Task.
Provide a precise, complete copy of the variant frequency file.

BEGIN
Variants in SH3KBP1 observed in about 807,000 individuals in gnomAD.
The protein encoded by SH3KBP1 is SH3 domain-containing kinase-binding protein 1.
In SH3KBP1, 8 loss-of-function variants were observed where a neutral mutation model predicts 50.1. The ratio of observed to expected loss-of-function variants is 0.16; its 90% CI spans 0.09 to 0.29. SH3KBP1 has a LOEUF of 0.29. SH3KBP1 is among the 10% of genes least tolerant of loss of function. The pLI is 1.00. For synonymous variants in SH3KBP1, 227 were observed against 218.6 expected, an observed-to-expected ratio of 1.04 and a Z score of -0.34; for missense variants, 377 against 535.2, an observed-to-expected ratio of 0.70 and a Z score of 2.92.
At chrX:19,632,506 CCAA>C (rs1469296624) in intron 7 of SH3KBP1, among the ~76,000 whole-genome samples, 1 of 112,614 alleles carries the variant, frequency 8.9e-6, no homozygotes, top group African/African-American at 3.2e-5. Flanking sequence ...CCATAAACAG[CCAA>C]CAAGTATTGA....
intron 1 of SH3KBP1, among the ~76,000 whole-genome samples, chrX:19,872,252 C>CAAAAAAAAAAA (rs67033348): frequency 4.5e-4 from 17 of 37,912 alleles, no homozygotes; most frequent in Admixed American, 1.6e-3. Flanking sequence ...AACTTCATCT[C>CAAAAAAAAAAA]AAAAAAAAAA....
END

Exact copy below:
Variants in SH3KBP1 observed in about 807,000 individuals in gnomAD.
The protein encoded by SH3KBP1 is SH3 domain-containing kinase-binding protein 1.
In SH3KBP1, 8 loss-of-function variants were observed where a neutral mutation model predicts 50.1. The ratio of observed to expected loss-of-function variants is 0.16; its 90% CI spans 0.09 to 0.29. SH3KBP1 has a LOEUF of 0.29. SH3KBP1 is among the 10% of genes least tolerant of loss of function. The pLI is 1.00. For synonymous variants in SH3KBP1, 227 were observed against 218.6 expected, an observed-to-expected ratio of 1.04 and a Z score of -0.34; for missense variants, 377 against 535.2, an observed-to-expected ratio of 0.70 and a Z score of 2.92.
At chrX:19,632,506 CCAA>C (rs1469296624) in intron 7 of SH3KBP1, among the ~76,000 whole-genome samples, 1 of 112,614 alleles carries the variant, frequency 8.9e-6, no homozygotes, top group African/African-American at 3.2e-5. Flanking sequence ...CCATAAACAG[CCAA>C]CAAGTATTGA....
intron 1 of SH3KBP1, among the ~76,000 whole-genome samples, chrX:19,872,252 C>CAAAAAAAAAAA (rs67033348): frequency 4.5e-4 from 17 of 37,912 alleles, no homozygotes; most frequent in Admixed American, 1.6e-3. Flanking sequence ...AACTTCATCT[C>CAAAAAAAAAAA]AAAAAAAAAA....